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Debate Over Online Content Embodies “Moderator’s Dilemma”

As the subject of online content moderation receives greater media attention, Internet services that rely upon the ‘Good Samaritan’ protections of 47 U.S.C. § 230 are increasingly the subject of legislative proposals.

These proposals tend to reflect one of two points of view.  Some, like the controversial FOSTA/SESTA, enacted last year with troubling results, reflect the view that online services should moderate content more aggressively.  Others, like Rep. Gosar’s H.R. 4027, reflect a viewpoint that online services should moderate content less aggressively — more specifically, only unlawful content.  These conflicting views may exist within current Administration policy as well: even as the White House convened a meeting in August to encourage online services to respond more aggressively to violent extremist content, unnamed officials told journalists of plans to subject companies’ content moderation decisions to greater scrutiny. 

In the quandary between whether to encourage more aggressive or less restrictive content moderation, one could argue policymakers face their own version of what Prof. Eric Goldman has described as “the moderator’s dilemma.”  The moderator’s dilemma is a way of describing online services’ unappealing options in the absence of Section 230, i.e., an environment where services face broad liability for user-posted content.  These sites may be social media services, cloud storage providers, or simply newspaper websites with comment sections, but all would face the dilemma of whether to more or less aggressively moderate content.  

What would occur in the absence of Section 230?  On the one hand, services could attempt to manage liability risks by more aggressively moderating content.  But doing so would risk incurring liability based upon knowledge of potentially problematic third-party content that services acquired in the course of moderation.  It also would risk liability from users whose content is removed under the more aggressive policies. On the other hand, services could acknowledge that even the most aggressive moderation strategies won’t suppress all liability-inducing content, and simply refuse to try.  By serving more like a simple conduit for content, services would have less risk of liability arising out of moderation efforts.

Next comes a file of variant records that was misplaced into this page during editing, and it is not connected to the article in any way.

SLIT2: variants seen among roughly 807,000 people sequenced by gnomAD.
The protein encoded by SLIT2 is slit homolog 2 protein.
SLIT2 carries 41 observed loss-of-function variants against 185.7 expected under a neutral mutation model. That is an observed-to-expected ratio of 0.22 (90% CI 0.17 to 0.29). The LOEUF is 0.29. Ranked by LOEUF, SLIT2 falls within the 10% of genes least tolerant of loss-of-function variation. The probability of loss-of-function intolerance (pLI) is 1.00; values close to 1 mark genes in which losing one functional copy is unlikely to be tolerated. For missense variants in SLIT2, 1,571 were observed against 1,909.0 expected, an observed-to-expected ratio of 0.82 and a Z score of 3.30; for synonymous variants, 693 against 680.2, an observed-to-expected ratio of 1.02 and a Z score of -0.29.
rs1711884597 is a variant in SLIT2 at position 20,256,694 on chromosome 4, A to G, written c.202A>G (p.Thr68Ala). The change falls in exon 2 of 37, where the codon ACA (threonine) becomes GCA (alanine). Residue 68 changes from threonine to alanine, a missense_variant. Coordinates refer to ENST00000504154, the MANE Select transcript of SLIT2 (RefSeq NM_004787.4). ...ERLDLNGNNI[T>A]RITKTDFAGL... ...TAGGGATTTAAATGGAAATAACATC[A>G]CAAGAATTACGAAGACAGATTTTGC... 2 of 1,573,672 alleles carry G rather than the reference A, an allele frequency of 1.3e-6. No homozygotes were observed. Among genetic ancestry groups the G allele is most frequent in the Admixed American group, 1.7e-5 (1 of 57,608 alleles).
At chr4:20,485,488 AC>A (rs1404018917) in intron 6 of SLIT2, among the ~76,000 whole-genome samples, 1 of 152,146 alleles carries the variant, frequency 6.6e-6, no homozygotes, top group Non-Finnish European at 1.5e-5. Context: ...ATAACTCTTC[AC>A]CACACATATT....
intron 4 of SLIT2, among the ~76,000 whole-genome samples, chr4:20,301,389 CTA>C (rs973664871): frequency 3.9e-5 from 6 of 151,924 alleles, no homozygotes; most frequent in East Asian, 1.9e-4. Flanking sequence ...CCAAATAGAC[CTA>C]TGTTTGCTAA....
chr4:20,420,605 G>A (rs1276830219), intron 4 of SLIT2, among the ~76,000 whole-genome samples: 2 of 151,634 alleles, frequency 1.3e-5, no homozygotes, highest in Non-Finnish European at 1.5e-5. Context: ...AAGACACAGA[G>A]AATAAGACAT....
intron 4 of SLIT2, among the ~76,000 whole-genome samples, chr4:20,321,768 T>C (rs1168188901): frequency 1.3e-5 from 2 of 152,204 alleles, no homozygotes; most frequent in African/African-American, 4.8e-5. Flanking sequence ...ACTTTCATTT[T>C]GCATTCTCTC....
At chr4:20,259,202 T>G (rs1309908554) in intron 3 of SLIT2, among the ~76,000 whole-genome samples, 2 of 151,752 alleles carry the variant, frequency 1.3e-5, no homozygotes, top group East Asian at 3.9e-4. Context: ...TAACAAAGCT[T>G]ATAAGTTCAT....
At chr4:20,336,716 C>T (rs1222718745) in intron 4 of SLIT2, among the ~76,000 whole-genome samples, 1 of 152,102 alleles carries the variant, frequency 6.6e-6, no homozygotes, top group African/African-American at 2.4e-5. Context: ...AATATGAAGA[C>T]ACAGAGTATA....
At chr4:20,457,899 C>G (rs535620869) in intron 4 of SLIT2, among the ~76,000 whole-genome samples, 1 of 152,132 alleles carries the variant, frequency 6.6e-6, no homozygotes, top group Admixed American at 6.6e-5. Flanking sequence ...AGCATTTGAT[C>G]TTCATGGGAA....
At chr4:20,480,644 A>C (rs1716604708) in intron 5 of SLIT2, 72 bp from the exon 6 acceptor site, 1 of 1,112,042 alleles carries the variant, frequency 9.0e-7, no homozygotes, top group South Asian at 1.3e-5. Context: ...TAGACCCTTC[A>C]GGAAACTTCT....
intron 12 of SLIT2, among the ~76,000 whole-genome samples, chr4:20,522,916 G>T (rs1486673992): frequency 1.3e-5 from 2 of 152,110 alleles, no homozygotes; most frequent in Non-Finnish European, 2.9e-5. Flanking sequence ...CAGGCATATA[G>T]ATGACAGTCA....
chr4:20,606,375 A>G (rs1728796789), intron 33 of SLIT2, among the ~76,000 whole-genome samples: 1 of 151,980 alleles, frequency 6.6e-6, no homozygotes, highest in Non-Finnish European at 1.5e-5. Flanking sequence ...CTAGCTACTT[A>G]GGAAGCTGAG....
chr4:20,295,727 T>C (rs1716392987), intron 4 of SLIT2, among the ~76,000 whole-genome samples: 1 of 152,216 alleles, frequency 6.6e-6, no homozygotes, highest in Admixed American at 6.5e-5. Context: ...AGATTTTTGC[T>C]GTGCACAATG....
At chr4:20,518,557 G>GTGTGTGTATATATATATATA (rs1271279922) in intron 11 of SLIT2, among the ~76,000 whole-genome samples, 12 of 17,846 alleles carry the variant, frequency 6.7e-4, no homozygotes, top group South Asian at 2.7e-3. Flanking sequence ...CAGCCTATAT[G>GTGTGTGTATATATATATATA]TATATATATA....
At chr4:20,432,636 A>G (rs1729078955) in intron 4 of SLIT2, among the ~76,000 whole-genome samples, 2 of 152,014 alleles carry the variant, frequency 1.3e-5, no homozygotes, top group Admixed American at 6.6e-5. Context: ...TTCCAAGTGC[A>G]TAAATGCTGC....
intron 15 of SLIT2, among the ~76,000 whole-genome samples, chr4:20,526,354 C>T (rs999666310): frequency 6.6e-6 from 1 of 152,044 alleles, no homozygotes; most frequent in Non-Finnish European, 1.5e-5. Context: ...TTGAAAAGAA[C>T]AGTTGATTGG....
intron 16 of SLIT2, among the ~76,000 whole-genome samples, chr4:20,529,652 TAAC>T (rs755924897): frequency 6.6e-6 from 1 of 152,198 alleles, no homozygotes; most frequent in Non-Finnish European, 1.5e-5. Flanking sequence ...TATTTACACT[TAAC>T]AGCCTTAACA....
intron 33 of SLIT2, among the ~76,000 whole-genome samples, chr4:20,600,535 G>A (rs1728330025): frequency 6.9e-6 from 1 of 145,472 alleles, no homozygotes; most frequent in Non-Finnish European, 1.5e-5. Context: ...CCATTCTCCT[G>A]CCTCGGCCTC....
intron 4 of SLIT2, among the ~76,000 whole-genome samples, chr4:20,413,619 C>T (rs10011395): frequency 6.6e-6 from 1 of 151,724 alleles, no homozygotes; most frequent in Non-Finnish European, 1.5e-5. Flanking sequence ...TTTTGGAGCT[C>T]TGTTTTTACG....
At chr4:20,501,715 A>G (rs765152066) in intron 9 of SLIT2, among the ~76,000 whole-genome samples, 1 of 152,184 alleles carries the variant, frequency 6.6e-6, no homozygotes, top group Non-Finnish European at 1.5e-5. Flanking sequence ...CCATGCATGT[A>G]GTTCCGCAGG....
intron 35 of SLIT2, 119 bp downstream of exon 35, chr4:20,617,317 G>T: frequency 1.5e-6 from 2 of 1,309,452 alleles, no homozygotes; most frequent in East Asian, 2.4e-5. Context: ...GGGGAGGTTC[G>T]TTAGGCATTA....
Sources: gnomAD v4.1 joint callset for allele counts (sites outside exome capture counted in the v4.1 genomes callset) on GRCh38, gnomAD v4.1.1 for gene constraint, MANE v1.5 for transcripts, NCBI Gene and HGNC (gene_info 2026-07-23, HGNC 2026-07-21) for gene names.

In all likelihood, both strategies would be pursued by different services.  Some would implement draconian moderation policies, while others would adopt a “head in the sand” approach.  Users of sites that continue moderating with a far heavier hand would find only sanitized content, which would exclude outlier viewpoints and elevates those speakers willing to indemnify online services against liability.  In short, these sites’ content would look more centrist, orthodox, and speakers would likely reflect wealthier, establishment viewpoints.  

By contrast, a site that gives up on moderation altogether may resemble “anything goes” forums like 8chan.  Certainly, these sites would face litigation in the absence of Section 230 protections, and a few might even be bankrupted by it.  But given the ease of starting a website and the ability for website operators to locate offshore, suppressing inappropriate content through litigation alone is not possible.  Across an Internet that only moderated unlawful content, abuse, intolerance, and extremism would be commonplace.

Both of these outcomes are undesirable.  Draconian moderation would endanger the open nature of the Internet and further marginalize under-represented voices.  Websites with no moderation at all would be plagued with off-topic content, trolling, and abuse, and would likely become inhospitable, particularly to younger users.  Intolerant and extremist views would proliferate.

Section 230 cuts through this dilemma by limiting services’ liability for user misbehavior, while ensuring that sites also cannot be sued for taking down content that might violate policies or norms.  This enables online services to implement site-specific policies to manage for inappropriate content without risking liability. Proposals to amend Section 230 that fail to preserve this flexibility are likely to increase the availability of problematic content, marginalize non-establishment voices, or both.


New technologies are constantly emerging that promise to change our lives for the better. These disruptive technologies give us an increase in choice, make technologies more accessible, make things more affordable, and give consumers a voice. And the pace of innovation has only quickened in recent years, as the Internet has enabled a wave of new, inter-connected devices that have benefited consumers around the world, seemingly in all aspects of their lives. Preserving an innovation-friendly market is, therefore, tantamount not only to businesses but society at large.